The Red Maids’ Old Girls’ Society was formed to keep former pupils and staff of the then Red Maids’ School, Bristol, in touch with each other, to share news of the School and of Red Maids around the world. In 2023 it was incorporated into the Redmaids’ High School Development Office and stopped running as a separate entity, with the School taking over the database of members and the responsibility of keeping in touch with them, organising events and so on.
For over 100 years, Red Maids have been walking through the gates on Westbury Hill and into school. For almost 400 years they have been part of the history of the City of Bristol: founded by merchant and mayor of Bristol, John Whitson in 1634 for ‘Fortie poore women children’, the pupils have always been ‘apparelled in red’, studying and learning, developing lifelong friendships and making their way in the wider world, each generation benefiting from the most modern education of their time.
In a fanciful mood, one could imagine that an invisible red satin ribbon reaches out from the past, weaving round the stories of former pupils everywhere, swooping around the groups of current schoolgirls chattering happily on their way to lessons, and fluttering off, who knows how far into the future, encircling them all in the wider ‘Red Maids’ Family’ whose lives are linked together by this remarkable school, the oldest girls’ school in the country and quite possibly in Europe.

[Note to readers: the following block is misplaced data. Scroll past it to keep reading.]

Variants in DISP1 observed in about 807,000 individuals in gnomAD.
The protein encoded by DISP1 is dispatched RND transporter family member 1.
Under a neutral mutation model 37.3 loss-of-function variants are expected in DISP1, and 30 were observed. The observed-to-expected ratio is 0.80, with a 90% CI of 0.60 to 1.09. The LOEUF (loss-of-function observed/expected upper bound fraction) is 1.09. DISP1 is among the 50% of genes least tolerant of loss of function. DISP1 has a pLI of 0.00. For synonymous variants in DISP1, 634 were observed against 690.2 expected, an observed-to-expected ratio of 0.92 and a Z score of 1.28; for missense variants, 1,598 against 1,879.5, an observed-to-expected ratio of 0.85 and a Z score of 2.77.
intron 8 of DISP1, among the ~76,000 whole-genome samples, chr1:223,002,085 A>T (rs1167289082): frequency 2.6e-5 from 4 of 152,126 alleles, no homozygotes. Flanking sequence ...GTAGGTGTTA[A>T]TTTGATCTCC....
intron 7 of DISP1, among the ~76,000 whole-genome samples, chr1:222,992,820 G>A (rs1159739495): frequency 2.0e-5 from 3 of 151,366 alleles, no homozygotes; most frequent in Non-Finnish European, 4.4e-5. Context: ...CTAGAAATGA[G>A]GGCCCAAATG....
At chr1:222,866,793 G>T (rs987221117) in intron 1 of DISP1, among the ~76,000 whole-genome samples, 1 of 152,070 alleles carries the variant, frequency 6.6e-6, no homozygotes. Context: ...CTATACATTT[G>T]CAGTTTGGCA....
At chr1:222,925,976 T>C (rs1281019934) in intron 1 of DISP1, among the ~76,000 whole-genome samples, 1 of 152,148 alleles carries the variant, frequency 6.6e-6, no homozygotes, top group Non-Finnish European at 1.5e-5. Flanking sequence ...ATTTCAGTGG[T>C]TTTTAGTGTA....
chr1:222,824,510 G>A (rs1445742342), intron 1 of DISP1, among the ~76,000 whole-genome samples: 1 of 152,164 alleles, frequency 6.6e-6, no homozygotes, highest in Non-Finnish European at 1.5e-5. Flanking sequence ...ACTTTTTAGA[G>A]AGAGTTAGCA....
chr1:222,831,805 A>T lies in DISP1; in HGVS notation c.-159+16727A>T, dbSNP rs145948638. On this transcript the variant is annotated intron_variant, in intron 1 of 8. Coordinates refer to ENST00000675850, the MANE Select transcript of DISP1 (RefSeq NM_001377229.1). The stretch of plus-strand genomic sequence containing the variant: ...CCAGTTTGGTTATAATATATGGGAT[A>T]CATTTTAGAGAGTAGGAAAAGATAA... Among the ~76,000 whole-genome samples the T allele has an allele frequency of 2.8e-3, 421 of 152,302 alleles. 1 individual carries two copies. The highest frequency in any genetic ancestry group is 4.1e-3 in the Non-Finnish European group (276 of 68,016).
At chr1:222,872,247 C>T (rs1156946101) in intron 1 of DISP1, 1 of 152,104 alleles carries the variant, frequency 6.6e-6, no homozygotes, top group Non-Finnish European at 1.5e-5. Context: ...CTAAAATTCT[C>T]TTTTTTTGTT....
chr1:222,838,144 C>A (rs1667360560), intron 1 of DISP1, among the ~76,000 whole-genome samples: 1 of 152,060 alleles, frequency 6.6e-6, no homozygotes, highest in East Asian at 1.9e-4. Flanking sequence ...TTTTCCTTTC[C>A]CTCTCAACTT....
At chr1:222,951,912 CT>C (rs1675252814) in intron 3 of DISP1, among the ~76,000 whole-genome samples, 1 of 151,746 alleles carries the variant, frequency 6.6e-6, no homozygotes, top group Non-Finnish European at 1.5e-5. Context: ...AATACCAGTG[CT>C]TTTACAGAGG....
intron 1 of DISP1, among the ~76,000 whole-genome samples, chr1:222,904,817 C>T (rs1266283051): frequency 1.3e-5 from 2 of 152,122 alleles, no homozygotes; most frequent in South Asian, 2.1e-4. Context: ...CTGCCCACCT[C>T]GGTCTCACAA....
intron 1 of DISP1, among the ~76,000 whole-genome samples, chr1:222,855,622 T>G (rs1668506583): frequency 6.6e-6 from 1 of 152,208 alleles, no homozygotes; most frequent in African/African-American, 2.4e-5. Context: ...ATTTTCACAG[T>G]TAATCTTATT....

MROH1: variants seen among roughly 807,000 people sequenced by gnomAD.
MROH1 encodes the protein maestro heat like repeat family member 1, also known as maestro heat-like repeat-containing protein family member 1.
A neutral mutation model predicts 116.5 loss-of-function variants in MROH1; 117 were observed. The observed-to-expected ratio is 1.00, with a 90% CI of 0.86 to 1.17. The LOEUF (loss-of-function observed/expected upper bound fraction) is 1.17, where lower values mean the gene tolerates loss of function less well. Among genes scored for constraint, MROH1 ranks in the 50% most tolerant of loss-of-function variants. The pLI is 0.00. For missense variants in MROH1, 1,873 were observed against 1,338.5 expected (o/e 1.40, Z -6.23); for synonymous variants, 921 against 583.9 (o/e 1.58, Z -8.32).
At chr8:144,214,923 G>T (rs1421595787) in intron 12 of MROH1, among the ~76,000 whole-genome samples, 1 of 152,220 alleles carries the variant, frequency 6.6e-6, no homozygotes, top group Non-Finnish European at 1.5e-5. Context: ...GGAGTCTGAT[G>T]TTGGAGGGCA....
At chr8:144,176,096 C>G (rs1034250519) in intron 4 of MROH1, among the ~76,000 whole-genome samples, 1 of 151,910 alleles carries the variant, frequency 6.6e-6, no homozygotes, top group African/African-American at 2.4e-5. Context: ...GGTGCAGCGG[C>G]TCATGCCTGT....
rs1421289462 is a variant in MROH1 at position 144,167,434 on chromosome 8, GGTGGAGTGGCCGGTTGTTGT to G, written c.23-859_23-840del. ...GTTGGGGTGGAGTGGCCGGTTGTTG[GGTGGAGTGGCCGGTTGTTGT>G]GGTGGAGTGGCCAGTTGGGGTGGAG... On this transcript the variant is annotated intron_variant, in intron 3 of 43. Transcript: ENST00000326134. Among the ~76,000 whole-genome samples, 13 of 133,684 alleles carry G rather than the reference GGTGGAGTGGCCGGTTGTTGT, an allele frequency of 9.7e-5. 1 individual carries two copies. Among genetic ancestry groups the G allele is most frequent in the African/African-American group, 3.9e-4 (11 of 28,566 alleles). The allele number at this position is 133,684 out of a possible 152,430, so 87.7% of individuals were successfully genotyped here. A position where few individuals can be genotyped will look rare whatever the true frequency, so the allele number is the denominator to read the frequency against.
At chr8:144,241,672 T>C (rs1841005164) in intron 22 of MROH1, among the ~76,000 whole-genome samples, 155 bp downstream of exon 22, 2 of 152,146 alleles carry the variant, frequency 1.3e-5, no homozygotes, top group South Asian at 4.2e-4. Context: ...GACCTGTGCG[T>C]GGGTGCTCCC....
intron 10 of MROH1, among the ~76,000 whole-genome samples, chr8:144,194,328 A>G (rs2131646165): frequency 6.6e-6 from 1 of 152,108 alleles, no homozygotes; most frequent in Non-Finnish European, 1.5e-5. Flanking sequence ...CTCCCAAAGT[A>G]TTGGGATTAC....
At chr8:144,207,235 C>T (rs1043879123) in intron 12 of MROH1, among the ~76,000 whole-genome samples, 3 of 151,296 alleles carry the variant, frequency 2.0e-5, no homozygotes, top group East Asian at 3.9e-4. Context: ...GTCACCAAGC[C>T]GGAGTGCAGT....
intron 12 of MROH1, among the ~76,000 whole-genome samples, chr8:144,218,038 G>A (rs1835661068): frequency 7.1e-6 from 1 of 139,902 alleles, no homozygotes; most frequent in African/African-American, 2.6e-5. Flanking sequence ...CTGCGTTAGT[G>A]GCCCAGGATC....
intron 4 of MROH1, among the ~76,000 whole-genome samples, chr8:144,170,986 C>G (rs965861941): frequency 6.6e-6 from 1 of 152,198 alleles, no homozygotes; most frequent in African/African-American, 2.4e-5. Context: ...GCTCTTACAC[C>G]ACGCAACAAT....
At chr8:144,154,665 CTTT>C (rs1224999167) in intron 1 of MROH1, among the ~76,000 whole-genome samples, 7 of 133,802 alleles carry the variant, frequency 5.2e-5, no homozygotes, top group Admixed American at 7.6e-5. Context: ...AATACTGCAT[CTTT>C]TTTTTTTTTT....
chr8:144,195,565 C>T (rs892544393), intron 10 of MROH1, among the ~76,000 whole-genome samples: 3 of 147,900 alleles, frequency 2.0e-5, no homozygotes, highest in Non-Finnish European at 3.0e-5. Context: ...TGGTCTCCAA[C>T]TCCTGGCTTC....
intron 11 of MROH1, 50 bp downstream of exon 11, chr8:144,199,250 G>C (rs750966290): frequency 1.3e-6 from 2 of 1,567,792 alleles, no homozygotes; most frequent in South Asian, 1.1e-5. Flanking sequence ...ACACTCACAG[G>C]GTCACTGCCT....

The Society was set up in the days when all the pupils were orphans and boarders, and the school was their family. Wanting to keep in touch with each other and their teachers, in 1906 a few girls who were leaving school decided to set up a benevolent and social group, run by volunteers. That ethos was the focus of the Society, keeping former pupils and staff of the Redmaids’ High School, Bristol in touch with each other and with the school. Activities included newsletters and magazines, events, benevolent work, popular year reunions, visiting local members and funding special requests, electives and equipment for the school.
This all helped to maintain a flourishing network of members, all of whom are extremely proud of the excellent education that they received, and proud too that the school continues to combine tradition and heritage with excellent modern teaching.
On 20th September, the Society and the School jointly signed a Memorandum of Understanding, and the Society ceased to exist. However, former members can be assured that now that they are part of the wider Redmaids’ High alumnae community, they will always be able to keep in touch through Red Maids Connect.